Date Awarded


Document Type


Degree Name

Master of Science (M.Sc.)


Virginia Institute of Marine Science


Matthew L. Kirwan

Committee Member

William Reay

Committee Member

James Perry

Committee Member

Christopher Hein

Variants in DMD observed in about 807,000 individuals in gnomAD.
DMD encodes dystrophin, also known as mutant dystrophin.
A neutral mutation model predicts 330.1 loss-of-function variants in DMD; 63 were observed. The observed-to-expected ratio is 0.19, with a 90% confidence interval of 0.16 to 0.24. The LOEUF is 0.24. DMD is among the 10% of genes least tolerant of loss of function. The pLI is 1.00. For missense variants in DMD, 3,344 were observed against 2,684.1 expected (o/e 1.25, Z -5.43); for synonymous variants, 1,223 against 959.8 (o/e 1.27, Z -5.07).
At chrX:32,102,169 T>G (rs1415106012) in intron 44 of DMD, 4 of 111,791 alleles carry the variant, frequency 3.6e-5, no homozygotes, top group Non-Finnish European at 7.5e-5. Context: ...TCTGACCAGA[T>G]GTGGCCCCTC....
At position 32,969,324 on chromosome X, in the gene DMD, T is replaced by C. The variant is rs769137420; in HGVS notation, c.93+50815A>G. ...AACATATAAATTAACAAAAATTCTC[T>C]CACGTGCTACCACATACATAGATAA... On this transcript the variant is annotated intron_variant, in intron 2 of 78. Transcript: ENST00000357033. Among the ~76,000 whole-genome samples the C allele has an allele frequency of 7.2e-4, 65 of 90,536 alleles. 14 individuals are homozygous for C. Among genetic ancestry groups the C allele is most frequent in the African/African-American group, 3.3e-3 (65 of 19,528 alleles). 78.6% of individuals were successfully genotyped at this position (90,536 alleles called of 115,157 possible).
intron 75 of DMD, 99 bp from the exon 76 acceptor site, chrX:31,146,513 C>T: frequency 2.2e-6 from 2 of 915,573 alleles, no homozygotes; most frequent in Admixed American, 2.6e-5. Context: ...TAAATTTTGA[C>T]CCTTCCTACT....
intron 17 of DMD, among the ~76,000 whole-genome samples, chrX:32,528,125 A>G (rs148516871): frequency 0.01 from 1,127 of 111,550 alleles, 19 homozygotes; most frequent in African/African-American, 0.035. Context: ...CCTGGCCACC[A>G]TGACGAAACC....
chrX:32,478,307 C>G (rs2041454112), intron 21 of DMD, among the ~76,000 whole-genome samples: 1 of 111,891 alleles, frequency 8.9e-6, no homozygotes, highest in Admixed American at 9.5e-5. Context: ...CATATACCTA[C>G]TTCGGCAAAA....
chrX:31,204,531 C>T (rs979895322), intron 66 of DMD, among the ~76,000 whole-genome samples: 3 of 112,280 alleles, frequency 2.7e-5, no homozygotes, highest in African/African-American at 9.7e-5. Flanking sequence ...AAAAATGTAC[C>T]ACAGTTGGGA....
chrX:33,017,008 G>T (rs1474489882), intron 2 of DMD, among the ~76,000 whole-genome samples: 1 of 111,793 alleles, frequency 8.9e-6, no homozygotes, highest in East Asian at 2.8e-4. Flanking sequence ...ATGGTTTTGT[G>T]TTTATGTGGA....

Climate change assessments predict that rates of relative sea level rise will increase in the future, leading to enhanced inundation of low-lying coastal regions and a 20 – 50 % decline in salt marsh area by 2100. Global sea level rise began accelerating in the late 19th to early 20th century, and local rates along the U.S. mid-Atlantic coast are twice as fast as global estimates. Frequent flooding and salt stress associated with sea level rise lead to coastal transgression, and the survival of ecosystems depends on their ability to migrate inland faster than they erode and submerge. Here, I compared aerial imagery analyses and field measurements to test the hypothesis that marsh migration into retreating terrestrial forests is fundamentally tied to sea level rise, and that sea level rise does not necessarily lead to overall habitat loss. For my first chapter, I compared the areal salt marsh extent between historical topographic maps and modern aerial imageries across the entire Chesapeake Bay, and found that marsh migration into terrestrial forests largely compensated for marsh erosion at the seaward edge during the last century. This emphasizes that the location of coastal ecosystems changes rapidly on centennial timescales, and that sea level rise does not necessarily lead to overall habitat loss. For my second chapter, I reconstructed the position of coastal treelines through time at five study sites along the U.S. mid-Atlantic coast to identify long- and short- term drivers of coastal forest retreat. My findings suggest that 20th century migration rates greatly exceed pre-industrial rates (< 1875 CE), and have generally accelerated throughout the last century in parallel with accelerating rates of relative sea level rise. Previous work predicts widespread marsh loss as a response to sea level rise, but underestimates the potential for marshes to migrate inland. Although anthropogenic barriers may locally prevent marsh migration into retreating coastal forests, my work finds that about 400 km2 (100,000 acres) of uplands have converted to marshes in the Chesapeake region since the late 1800s, and that this process was responsible for the formation of about 1/3 of all marsh area. Beyond the Chesapeake, my work reveals that forest retreat is fundamentally tied to the rate of sea level rise, and is accelerating through time. Therefore, management efforts that allow marshes to migrate into adjacent uplands may help preserve marshes by exploiting their ability to quickly adapt to environmental change.




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